Rebuffed once, Wilkes, Artis and Goldberg switched their point of attack to the D.C. Council, focusing on then-Chairman John Wilson. The strategy succeeded. Wilson and his colleagues exempted Goldberg from the housing requirement, revising city land-use maps to permit the building.
Critics note that Goldberg and Wilkes, Artis attorneys donated thousands of dollars to Wilson’s 1990 campaign. And the Mazique Center was one of Wilson’s favorite charities.
“Wilkes, Artis and Goldberg said: “If you adopt this legislation, we will give $1 million to your favorite charity,’ ” says one foe of the 12th and K project. “Wilson had gotten money from Wilkes, Artis. It cloaked a favor for a campaign contributor and turned it into public service for a charity. It was unbelievable.”
Project opponents laughed last, however. They appealed the council action on procedural grounds. Last summer, D.C. Superior Court Judge Gregory Mize overturned the council’s rezoning and blocked the building.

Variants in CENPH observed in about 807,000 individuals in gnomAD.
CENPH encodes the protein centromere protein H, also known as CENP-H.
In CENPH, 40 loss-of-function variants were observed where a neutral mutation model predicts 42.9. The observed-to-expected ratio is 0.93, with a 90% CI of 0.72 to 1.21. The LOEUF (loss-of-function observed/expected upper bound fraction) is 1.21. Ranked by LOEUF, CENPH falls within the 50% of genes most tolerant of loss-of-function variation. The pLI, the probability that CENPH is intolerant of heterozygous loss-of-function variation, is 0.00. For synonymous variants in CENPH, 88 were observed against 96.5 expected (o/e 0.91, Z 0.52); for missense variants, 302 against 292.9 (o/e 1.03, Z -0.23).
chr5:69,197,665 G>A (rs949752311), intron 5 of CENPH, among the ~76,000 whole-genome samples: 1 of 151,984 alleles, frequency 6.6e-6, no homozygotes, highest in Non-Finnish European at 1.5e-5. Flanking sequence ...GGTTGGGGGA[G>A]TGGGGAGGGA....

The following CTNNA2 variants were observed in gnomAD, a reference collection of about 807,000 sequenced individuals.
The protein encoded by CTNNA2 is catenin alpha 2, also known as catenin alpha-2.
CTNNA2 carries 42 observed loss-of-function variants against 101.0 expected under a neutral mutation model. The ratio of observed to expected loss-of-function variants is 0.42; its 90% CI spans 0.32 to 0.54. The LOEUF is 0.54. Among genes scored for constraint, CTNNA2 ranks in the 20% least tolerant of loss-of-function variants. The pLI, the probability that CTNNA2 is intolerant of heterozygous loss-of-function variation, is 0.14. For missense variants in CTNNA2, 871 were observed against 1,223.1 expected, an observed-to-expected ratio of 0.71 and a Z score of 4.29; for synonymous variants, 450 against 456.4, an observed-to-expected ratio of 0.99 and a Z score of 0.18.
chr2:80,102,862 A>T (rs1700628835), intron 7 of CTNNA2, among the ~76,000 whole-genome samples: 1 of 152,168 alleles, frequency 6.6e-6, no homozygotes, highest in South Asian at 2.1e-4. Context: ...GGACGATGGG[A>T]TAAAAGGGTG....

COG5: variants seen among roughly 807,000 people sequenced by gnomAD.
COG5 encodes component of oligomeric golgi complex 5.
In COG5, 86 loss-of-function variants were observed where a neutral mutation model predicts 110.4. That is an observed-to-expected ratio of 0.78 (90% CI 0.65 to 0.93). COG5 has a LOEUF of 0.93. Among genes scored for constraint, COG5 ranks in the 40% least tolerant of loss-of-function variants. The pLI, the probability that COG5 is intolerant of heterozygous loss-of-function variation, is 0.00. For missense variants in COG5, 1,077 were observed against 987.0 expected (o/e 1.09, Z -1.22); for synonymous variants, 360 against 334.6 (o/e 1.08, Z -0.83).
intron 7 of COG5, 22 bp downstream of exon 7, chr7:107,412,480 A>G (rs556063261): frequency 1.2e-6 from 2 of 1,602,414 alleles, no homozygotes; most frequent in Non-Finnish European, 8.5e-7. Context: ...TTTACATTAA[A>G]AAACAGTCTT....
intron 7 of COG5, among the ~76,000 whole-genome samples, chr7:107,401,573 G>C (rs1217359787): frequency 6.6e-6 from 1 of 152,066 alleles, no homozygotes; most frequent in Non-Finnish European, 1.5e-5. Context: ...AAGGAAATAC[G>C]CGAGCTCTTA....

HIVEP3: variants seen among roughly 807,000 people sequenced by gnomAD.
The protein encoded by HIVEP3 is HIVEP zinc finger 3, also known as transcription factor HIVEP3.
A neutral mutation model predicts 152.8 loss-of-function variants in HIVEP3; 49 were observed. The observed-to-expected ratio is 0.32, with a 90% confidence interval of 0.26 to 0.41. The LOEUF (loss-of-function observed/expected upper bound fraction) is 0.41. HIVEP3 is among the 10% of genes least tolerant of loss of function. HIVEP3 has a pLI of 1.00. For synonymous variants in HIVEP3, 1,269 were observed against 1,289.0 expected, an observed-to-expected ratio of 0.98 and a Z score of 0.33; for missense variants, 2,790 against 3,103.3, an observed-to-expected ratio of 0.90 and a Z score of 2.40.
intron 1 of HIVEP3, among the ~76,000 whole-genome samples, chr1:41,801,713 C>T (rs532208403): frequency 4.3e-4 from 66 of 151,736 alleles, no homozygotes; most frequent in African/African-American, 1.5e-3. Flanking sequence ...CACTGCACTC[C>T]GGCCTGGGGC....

These sorts of incidents cause the firm’s more intemperate opponents to hurl unsubstantiated, unprintable, and untrue charges—off the record, of course—about Wilkes, Artis’ abuses of power. In fact, Quin and his partners are guilty of nothing more than being rich, influential lawyers who represent rich, influential clients. And like all lawyers, they do whatever it takes, within the bounds of the law, to advance a client’s interest.
Just as James Wilkes massaged egos and cozied up to power brokers in order to get things done, so Quin and his colleagues court all the Washingtonians—in both the public and private sectors—who can help the firm.
Wilkes, Artis attorneys have climbed to the top of virtually every business organization in D.C. Quin is a key player in the FCC. Until last year, he also served as chairman of the Greater Washington Board of Trade’s Economic Development Committee. Christopher Collins sits on the Executive Committee of the D.C. Building Industry Association (DCBIA), the most powerful developers’ trade group. Dana Stebbins was just named president-elect of the D.C. Chamber of Commerce. Former Maryland Gov. William Donald Schaefer appointed Chip Glasgow to a spot on the Metropolitan Washington Airports Authority, one of the most powerful boards in the region.